Africa’s electoral system a circus: Chamisa

A woman enters a polling station at Tafara 2 High school.

Opposition MDC Alliance leader Nelson Chamisa has slammed Africa’s electoral system as a “big circus if not an embarrassment to the continent”, hence the recurrence of disputed polls.


In his 50th Africa Day celebration statement yesterday, Chamisa said the continent was failing to go beyond leaders’ rhetoric because of the “big brother” syndrome, corruption, governance crisis and what he termed “inability to think beyond subsistence and clientalism”.

“With the latest electoral skulduggery and shenanigans on the African continent, electoral politics make Africa a big circus if not an embarrassment. On this day, many African countries celebrate the hard-fought achievement of freedom and independence,” Chamisa, who narrowly lost to President Emmerson Mnangagwa in the disputed 2018 presidential poll, said.

He has refused to recognise Mnangagwa’s presidency, accusing him of conniving with the Zimbabwe Electoral Commission and Constitutional Court to deny him victory.

“As we commemorate Africa Day through formal gatherings, panel discussions, street marches, great speeches by political and social leaders, special university lectures and rallies, we need to pause and reflect in order to give a fuller meaning to this historic day.”

“It is vital to locate what the problem of Africa is. The problem with Africa is principally a problem or crisis of governance and leadership. The crisis articulates itself in the failure of Africa’s leaders to rise up to the rectitude of accountability and yardstick of probity,” Chamisa said.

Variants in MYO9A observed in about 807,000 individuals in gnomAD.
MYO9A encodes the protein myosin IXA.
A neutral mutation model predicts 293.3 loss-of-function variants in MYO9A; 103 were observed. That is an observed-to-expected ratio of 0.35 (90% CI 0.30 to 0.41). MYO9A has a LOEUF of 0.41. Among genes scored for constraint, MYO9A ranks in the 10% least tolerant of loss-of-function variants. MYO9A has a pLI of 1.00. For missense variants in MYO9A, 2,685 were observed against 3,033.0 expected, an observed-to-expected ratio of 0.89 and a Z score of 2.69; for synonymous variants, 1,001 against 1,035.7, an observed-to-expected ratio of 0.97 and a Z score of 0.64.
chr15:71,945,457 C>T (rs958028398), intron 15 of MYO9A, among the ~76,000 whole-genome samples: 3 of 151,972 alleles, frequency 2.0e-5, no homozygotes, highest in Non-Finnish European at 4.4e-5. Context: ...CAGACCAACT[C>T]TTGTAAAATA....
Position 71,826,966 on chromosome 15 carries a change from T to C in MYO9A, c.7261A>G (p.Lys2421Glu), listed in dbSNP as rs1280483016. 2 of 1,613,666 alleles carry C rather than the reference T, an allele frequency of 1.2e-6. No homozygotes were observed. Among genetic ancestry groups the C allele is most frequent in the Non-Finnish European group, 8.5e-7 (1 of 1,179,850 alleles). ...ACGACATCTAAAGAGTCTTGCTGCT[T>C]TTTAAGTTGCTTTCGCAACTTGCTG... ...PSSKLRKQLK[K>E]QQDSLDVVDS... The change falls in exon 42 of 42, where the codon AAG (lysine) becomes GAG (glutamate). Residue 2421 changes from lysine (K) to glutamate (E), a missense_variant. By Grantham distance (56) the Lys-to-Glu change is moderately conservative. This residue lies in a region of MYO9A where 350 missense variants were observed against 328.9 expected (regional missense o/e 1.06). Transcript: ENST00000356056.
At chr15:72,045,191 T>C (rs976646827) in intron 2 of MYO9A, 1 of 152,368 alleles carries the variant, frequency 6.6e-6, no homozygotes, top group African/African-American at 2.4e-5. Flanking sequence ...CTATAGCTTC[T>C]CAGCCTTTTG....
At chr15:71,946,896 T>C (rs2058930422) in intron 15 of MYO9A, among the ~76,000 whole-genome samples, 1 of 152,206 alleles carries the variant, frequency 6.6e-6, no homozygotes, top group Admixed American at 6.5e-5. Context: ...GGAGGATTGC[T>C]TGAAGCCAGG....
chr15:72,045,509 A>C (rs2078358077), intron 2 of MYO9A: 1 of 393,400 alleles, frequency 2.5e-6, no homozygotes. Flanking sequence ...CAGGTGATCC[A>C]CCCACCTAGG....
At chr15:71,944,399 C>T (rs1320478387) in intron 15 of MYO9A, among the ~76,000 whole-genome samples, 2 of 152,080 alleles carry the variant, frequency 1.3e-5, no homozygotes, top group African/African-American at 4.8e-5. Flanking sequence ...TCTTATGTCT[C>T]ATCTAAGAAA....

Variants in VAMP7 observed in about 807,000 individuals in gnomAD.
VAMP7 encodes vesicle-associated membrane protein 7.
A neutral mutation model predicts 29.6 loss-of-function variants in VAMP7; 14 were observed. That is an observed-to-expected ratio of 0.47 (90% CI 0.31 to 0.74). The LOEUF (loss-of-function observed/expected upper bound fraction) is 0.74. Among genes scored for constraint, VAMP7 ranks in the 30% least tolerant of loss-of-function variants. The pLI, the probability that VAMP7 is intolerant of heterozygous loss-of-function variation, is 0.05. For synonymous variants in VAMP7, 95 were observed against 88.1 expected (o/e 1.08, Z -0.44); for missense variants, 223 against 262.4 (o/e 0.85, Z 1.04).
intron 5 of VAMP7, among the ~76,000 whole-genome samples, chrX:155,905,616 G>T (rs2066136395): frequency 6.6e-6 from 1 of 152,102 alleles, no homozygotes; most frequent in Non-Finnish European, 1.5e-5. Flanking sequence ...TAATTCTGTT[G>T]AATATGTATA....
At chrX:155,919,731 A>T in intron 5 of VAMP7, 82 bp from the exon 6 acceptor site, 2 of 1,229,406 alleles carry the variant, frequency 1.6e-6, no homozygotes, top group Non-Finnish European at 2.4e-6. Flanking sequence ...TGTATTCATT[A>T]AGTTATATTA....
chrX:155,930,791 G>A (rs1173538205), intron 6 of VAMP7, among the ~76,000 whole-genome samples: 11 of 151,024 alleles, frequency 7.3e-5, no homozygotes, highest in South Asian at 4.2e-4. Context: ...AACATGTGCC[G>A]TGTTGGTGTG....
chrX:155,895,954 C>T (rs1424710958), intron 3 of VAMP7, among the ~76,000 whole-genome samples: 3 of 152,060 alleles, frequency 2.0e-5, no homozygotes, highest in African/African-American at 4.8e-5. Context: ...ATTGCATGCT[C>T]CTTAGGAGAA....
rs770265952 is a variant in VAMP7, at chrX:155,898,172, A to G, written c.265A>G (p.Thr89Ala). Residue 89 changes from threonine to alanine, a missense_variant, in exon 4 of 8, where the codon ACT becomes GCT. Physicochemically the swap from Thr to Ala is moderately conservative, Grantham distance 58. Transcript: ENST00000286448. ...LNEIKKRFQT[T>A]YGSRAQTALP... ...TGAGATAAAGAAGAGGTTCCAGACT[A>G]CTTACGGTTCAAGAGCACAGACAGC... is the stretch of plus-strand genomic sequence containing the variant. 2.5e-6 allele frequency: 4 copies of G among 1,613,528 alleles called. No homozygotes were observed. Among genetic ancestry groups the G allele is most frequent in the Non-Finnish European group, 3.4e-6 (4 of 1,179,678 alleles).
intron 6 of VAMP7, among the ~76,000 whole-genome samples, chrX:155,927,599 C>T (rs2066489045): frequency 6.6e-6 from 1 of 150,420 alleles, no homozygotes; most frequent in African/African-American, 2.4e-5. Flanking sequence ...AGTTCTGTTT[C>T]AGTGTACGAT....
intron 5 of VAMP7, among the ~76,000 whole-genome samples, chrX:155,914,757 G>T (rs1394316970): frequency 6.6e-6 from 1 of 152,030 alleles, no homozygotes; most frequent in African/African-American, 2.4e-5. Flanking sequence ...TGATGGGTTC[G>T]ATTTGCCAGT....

The MDC Alliance leader said parasitic elites were in charge of racketeering activities for personal gain at the expense of the poor citizens.

“We have the twin evils of big men syndrome and neo-patrimonialism and corrupt kleptocracy.

Parasitic elites are in charge of rent-seeking and racketeering activities for personal aggrandisement to the detriment of the common good and common citizen,” he said.

“The story of strong men as opposed to strong institutions tells a story of African leadership from Cape to Cairo and East to the West of our great continent. Africa is burdened by disease and poverty. The poverty in Africa is the poverty of leadership. The scarcity on our continent is the scarcity of vision and love.”

Chamisa said it was time Africa moved from liberators to democrats, modernisers and transformers to stand up and rescue the continent from the jaws of tyranny, hopelessness, barbarism and backwardness.

“We owe it to our past heroes and posterity to protect and crusade the ideals of social justice, an abiding culture of human rights and a gratifying social order. As we honour the traditions and legacy of our predecessors, we need a generation that thinks beyond their time. Visionaries in the mould of Kwame Nkrumah, Marcus Garvey, Joshua Nkomo, Herbert Chitepo and Julius Nyerere to mention but a few and a generation that inspires innovation and the unleashing of the fullest potential of our best talents.”

“With our great natural resources and mines, we need great minds to build great industries and factories. We must create profit out of the great climate we have, the great soils, flora and fauna. We also have great people — the population dividend.”


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